Stablecoins as shelter

By design, stablecoins are boring. They are designed to hold their value even as other digital assets fluctuate wildly. The mechanics of stablecoins are now attracting attention outside of the crypto space. They just might become an important tool for managing the United State's growing debt.

Stablecoins as shelter

If you know anything about crypto, it’s probably that it is an extremely volatile asset class.

One minute headlines are screaming about how people are losing their houses, marriages, and life savings because they put all of their money into a dog coin that tanked.

Or the reverse, we’ve read stories about people who loaded up early and now they drive a Lambo, own a yacht, or have happily disappeared altogether (or maybe all three).

Yes, crypto is volatile. The underlying nature of constant price discovery mode is one of the things that make crypto so interesting as a financial asset.

Or, put another way, the wide and wild swings of the crypto market are one of the things that generate a lot of media coverage. It’s kind of like a “famous for being famous” situation.

Because of its reputation for volatility, stablecoins kind of stick out.

While the rest of the crypto sector is flashy from a price perspective, stablecoins are pegged to a fixed price (or price stable). That means, by comparison, they are extremely boring.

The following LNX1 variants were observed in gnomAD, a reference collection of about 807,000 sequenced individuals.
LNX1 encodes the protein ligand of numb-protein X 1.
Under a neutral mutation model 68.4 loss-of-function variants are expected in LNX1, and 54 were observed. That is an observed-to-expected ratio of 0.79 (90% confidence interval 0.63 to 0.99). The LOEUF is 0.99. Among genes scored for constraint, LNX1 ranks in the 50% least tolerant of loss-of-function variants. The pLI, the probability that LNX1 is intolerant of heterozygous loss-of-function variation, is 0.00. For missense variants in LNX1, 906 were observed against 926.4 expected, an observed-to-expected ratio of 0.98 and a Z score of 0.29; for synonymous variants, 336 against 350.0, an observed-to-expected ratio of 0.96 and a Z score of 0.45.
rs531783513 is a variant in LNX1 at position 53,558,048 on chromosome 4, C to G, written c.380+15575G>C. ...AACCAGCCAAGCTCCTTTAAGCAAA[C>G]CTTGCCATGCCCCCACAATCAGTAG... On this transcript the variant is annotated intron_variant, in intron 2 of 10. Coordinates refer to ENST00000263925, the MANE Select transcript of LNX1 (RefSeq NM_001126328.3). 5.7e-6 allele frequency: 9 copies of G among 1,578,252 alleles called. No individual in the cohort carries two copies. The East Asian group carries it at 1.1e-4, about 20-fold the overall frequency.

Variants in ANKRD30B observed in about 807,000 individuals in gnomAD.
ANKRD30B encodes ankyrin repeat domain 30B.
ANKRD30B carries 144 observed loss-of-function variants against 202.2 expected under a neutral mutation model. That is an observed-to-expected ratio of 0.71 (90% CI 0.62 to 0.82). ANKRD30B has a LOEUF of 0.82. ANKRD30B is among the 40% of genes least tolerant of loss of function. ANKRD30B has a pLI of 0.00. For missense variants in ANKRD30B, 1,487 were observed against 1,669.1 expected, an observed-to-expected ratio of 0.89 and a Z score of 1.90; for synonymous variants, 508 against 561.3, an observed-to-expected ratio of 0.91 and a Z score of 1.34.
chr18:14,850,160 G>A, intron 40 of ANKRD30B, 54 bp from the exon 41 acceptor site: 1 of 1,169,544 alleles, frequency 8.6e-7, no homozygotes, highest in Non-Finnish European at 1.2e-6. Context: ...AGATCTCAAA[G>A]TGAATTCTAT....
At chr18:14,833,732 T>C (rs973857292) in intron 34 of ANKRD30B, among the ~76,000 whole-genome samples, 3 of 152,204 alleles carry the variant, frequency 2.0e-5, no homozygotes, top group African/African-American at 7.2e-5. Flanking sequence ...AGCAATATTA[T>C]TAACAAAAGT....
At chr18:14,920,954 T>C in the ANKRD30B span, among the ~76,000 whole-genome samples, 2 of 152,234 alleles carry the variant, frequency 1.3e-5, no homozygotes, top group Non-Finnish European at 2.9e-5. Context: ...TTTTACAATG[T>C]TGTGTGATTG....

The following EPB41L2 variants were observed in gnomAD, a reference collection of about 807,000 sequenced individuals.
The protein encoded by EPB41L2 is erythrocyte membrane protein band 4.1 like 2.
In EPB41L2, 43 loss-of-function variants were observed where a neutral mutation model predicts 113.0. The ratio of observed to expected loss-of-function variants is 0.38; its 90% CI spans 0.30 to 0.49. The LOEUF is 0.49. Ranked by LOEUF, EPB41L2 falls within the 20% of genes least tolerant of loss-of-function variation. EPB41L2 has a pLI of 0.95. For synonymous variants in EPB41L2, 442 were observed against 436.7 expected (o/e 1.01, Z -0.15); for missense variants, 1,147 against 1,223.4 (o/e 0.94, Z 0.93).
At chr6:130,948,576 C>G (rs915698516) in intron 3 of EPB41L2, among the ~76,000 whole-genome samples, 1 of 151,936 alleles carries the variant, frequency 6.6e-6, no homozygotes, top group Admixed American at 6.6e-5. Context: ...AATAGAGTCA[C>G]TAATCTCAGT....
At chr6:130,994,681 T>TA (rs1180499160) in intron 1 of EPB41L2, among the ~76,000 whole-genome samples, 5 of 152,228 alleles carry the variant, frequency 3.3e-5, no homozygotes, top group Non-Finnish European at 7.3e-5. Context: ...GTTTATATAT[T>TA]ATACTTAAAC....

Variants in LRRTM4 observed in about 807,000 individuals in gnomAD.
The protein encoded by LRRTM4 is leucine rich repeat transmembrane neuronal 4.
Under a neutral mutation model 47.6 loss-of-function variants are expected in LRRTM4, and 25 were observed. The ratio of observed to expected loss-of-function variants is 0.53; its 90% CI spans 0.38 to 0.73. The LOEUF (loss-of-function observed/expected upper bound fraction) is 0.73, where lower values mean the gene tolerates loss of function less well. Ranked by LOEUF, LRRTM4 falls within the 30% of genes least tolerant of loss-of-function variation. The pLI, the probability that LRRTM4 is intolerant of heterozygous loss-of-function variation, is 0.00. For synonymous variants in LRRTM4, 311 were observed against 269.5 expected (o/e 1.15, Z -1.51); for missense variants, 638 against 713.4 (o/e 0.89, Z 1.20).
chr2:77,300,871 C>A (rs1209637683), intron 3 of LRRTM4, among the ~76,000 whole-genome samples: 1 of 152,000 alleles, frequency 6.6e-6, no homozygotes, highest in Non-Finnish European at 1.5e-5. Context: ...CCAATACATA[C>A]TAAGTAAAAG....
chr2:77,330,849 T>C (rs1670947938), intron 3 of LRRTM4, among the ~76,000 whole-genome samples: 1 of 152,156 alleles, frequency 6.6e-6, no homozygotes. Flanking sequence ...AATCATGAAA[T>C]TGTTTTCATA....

As it happens, the price stability of stablecoins might just be one of crypto’s greatest use cases.

Counterintuitive? Maybe.

Rapidly gaining traction as a useful financial tool in a rapidly changing world? Definitely.

Let’s dig in.

A quick intro to stablecoins + the role they play

Stablecoins have been around for a while. Tether, or USDT, is the largest stablecoin by market cap, and the third largest crypto asset by market cap after Bitcoin and Ethereum.

Stablecoin market from DeFiLlama. SOURCE

Today, Tether plays a big role in the crypto markets. But when it was first created in 2014, its role and utility was not as clear. That, and there were some issues with creating a decentralized but fully verifiable treasury that is crucial for locking in a price peg, which is what makes a stablecoin stable.

The first use for Tether — and eventually the other stablecoins that would follow was to create a safe harbor of sorts for the otherwise choppy seas of the crypto market.

Traders and crypto investors saw a utility in keeping money in the markets, but they also needed a place to park assets in digital assets. There are a lot of practical reasons to do this, but basically, they all boil down to the idea that sometimes you don’t want exposure to volatile assets, but you also don’t want to have to move crypto to cash (and then back again) to take a breather.

As a quick aside, there are a few different kinds of stablecoins. The two that we’ll focus on in this post are backed by reserves which are audited and manipulated to hold a 1:1 value with whatever they are pegged to. In this case USD.

Another common kind of stablecoin is known as an algorithmically-backed stablecoin. This means an algorithm replaces the human-managed auditing and accounting that happens with the stablecoin reserve system. The algo automatically buys and sells assets to maintain the peg.

The issue with the manual audit method is that it creates centralization or the need for trust in a third party to keep the books. Comparatively, an algorithmically-controlled system operates in a more decentralized manner.